Today I attended a lecture given by Gene Yang, author of American Born Chinese, a graphic novel. I read this book about a year ago, but recently reread it for one of my classes. The lecture was excellent - Yang was funny yet insightful, and really entertaining as he explained to a largely non-Asian audience about the source material for much of the book.
As a Chinese-American, his lecture particularly hit home for me. I am by no means an Asian-American "activist". I never participated in those protests against, say Abercrombie and Fitch's "Two Wongs Don't Make a White" t-shirts or whatever, and I've never necessarily been politically active. Nonetheless, I also am extremely conscious of my hyphenated status in America, and this is especially on my mind when I think about being a writer who doesn't want to be niched. I wouldn't say that I'm self-loathing to any extent - I simply want to be judged on a basis that excludes my ethnicity.
Despite the fact that I now feel very comfortable operating within a non-Asian world, there was once a time when I didn't. When all I knew was Asia-Americana which has its own brand of American culture. And being within this culture meant that most of the time I didn't have to deal with the question of my ethnicity because everyone around me was just like me. But upon graduation, I was thrust into a predominantly white world, and suddenly it felt like an issue. Suddenly I wasn't entirely sure how to fit in and how people saw me. I didn't actually know how to relate.
Yang's lecture today hit home for me because he brought up all the stereotypes that have existed - both far past during Exclusion Act days and more current events - and I found myself getting worked up over everything he said, and being able to relate so well to the choices he made in his graphic novel.
Yet at the same time, I wondered what it said about me, that I don't want to be part of that dialogue in that way. I don't want to write a book about an Asian-American trying to be part of society. I don't want to write a book where "identity" is an issue in that way. I don't want to have to talk about Chinese people being dogeaters or being good at math (or not, as the case may be). I appreciate and wholeheartedly applaud somebody like Yang for bringing up the difficult nuances of this topic, and in a comic no less, but I shudder at the idea of ever having to do that myself. I want to be loved as a writer despite my Asianness - and I wonder if that is a bad thing. It's not that I don't think these issues are important, it's just that it's not what I want to write about. I want to write things that appeal to everyone, that are relatable to everyone. I don't want to write for an Asian-American generation.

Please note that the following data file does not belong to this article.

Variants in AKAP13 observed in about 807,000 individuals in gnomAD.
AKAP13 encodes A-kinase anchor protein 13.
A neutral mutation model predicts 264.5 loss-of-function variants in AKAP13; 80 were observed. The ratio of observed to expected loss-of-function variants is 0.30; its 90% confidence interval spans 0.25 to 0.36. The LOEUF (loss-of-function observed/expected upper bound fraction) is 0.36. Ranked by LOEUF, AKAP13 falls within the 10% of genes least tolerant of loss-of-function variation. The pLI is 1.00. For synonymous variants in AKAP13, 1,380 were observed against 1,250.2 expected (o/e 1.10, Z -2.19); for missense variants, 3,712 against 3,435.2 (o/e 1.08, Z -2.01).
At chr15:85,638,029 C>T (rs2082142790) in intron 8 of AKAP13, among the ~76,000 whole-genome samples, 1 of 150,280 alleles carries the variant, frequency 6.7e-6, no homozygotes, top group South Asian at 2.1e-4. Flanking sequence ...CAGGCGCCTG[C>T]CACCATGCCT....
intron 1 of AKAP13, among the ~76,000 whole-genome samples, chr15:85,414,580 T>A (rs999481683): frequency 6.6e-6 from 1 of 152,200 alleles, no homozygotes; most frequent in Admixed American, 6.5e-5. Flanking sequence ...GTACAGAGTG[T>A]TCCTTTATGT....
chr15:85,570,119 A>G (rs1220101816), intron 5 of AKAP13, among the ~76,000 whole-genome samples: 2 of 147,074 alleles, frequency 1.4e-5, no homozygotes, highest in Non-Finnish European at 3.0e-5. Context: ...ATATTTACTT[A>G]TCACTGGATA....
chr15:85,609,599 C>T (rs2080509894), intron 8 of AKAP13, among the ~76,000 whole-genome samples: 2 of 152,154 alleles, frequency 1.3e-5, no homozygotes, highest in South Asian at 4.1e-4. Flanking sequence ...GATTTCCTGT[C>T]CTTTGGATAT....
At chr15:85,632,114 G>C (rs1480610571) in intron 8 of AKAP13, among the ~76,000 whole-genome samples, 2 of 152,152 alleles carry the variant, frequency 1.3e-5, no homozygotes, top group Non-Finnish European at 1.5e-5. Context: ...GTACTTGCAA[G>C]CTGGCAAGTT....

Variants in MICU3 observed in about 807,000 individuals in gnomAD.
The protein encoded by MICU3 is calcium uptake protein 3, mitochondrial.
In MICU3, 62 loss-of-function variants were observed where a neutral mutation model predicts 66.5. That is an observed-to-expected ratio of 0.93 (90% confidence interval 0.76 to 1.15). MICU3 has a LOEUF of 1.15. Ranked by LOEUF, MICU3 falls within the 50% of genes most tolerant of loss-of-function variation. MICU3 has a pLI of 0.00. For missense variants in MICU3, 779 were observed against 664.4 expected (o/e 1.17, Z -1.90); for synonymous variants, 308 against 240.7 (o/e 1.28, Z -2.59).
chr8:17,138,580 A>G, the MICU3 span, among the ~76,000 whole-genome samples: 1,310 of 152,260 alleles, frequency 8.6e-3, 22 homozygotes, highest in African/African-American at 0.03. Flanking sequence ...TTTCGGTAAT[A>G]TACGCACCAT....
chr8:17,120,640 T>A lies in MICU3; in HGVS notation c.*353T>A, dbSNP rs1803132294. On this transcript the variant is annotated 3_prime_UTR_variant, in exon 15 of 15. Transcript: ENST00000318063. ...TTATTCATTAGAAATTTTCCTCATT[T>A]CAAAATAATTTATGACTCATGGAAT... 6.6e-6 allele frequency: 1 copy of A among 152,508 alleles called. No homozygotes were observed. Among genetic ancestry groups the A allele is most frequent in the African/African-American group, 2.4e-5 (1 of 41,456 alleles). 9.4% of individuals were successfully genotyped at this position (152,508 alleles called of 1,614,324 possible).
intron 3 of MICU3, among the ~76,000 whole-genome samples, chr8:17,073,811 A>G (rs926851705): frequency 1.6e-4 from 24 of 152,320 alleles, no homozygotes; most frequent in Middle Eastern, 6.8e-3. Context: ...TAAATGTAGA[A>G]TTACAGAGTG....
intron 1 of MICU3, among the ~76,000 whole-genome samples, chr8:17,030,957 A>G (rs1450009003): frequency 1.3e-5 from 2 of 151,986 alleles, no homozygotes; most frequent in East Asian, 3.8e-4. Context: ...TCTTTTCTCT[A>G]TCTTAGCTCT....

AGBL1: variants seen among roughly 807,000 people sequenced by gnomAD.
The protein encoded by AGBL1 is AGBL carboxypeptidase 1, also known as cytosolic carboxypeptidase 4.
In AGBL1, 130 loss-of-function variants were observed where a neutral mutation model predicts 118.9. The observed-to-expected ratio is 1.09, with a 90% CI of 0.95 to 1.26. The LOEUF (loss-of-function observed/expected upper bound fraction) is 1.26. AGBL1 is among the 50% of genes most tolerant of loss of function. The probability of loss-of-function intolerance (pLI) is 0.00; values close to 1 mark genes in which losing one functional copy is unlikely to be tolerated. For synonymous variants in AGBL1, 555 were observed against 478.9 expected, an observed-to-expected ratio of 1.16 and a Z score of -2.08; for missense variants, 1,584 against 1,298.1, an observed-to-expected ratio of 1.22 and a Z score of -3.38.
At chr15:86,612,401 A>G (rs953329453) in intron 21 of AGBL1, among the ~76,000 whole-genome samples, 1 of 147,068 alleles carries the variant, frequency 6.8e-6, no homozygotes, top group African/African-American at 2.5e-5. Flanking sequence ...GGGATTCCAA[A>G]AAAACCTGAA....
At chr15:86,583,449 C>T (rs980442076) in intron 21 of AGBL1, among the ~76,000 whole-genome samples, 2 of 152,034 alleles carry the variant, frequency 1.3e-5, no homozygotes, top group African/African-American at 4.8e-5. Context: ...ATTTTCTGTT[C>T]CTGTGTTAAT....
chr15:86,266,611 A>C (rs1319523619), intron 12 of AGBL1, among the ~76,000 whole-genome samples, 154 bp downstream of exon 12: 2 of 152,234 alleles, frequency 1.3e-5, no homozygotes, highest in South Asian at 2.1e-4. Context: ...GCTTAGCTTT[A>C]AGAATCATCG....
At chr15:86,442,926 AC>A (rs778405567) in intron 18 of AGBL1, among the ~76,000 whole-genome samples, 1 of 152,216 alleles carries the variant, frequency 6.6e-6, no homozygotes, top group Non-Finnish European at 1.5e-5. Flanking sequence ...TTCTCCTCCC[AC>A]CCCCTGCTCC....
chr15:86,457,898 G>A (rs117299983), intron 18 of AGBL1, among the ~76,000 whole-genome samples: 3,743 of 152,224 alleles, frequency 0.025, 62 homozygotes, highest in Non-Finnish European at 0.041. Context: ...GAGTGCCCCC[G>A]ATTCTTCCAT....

This post has less to do with the book I suppose than with my thoughts about being an ethnic writer. The book is good - it tackles questions of identity, of how Asians are perceived by outsiders, but also how Asianness is perceived by someone who just wants to belong. It's about embracing your own self and learning to accept it. And it's really fun and funny to boot.
I guess I just got a swarm of feelings sitting there in the audience because I wondered if there's supposed to be a burden of responsibility being an Asian writer, to open a dialogue about these sorts of things.
But I kinda think the opposite. I want to show that Asian people think about things other than being Asian. We think about all the things everyone else does - question of family, of love, of ethics, of honor, of courage, of morals. And I don't want to have to write about Asian people in order to do it.
Oh, I'm sure one day one of my protags will be Asian. And I'm sure one day I may even write something about China. But I never want my Asianness to be at the forefront of what I write. I want it to be just a fact, like if my heroine were red-headed instead of a brunette, or liked books instead of liking movies, or was a vegetarian instead of a carnivore. Things that are important, sure, but only in so far that they give you a better understanding of the character in their situation, and not the focal point of the entire book.
I keep digressing here. I really did admire Yang's book and his lecture. His anecdotes pumped me up and I felt my anger simmering and my defiance wanting to shine through every time he showed me something offensive. I take great pride in my heritage and the images and examples he gave made me unbelievably angry. So good on him. And good on this book.